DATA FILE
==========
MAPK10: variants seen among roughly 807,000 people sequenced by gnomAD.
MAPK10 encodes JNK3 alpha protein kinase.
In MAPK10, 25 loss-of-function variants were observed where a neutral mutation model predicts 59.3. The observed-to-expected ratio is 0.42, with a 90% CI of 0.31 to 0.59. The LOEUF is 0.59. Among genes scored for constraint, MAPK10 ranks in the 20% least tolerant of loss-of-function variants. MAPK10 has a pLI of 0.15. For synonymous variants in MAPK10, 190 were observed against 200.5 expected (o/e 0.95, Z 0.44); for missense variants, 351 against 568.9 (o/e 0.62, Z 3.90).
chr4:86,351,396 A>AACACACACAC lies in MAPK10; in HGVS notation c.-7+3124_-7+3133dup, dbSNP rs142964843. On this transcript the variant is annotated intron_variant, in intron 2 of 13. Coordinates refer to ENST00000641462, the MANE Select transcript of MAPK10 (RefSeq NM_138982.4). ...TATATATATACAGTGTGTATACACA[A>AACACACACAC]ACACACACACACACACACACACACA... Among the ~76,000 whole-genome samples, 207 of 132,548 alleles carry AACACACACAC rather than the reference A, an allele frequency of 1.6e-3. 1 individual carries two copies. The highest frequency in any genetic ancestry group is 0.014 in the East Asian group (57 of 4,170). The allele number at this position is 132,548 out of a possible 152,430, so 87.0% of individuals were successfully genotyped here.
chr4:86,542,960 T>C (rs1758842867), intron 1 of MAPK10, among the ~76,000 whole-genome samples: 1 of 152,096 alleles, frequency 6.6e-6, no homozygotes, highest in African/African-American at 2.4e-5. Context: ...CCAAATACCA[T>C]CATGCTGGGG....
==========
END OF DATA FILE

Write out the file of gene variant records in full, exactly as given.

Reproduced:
MAPK10: variants seen among roughly 807,000 people sequenced by gnomAD.
MAPK10 encodes JNK3 alpha protein kinase.
In MAPK10, 25 loss-of-function variants were observed where a neutral mutation model predicts 59.3. The observed-to-expected ratio is 0.42, with a 90% CI of 0.31 to 0.59. The LOEUF is 0.59. Among genes scored for constraint, MAPK10 ranks in the 20% least tolerant of loss-of-function variants. MAPK10 has a pLI of 0.15. For synonymous variants in MAPK10, 190 were observed against 200.5 expected (o/e 0.95, Z 0.44); for missense variants, 351 against 568.9 (o/e 0.62, Z 3.90).
chr4:86,351,396 A>AACACACACAC lies in MAPK10; in HGVS notation c.-7+3124_-7+3133dup, dbSNP rs142964843. On this transcript the variant is annotated intron_variant, in intron 2 of 13. Coordinates refer to ENST00000641462, the MANE Select transcript of MAPK10 (RefSeq NM_138982.4). ...TATATATATACAGTGTGTATACACA[A>AACACACACAC]ACACACACACACACACACACACACA... Among the ~76,000 whole-genome samples, 207 of 132,548 alleles carry AACACACACAC rather than the reference A, an allele frequency of 1.6e-3. 1 individual carries two copies. The highest frequency in any genetic ancestry group is 0.014 in the East Asian group (57 of 4,170). The allele number at this position is 132,548 out of a possible 152,430, so 87.0% of individuals were successfully genotyped here.
chr4:86,542,960 T>C (rs1758842867), intron 1 of MAPK10, among the ~76,000 whole-genome samples: 1 of 152,096 alleles, frequency 6.6e-6, no homozygotes, highest in African/African-American at 2.4e-5. Context: ...CCAAATACCA[T>C]CATGCTGGGG....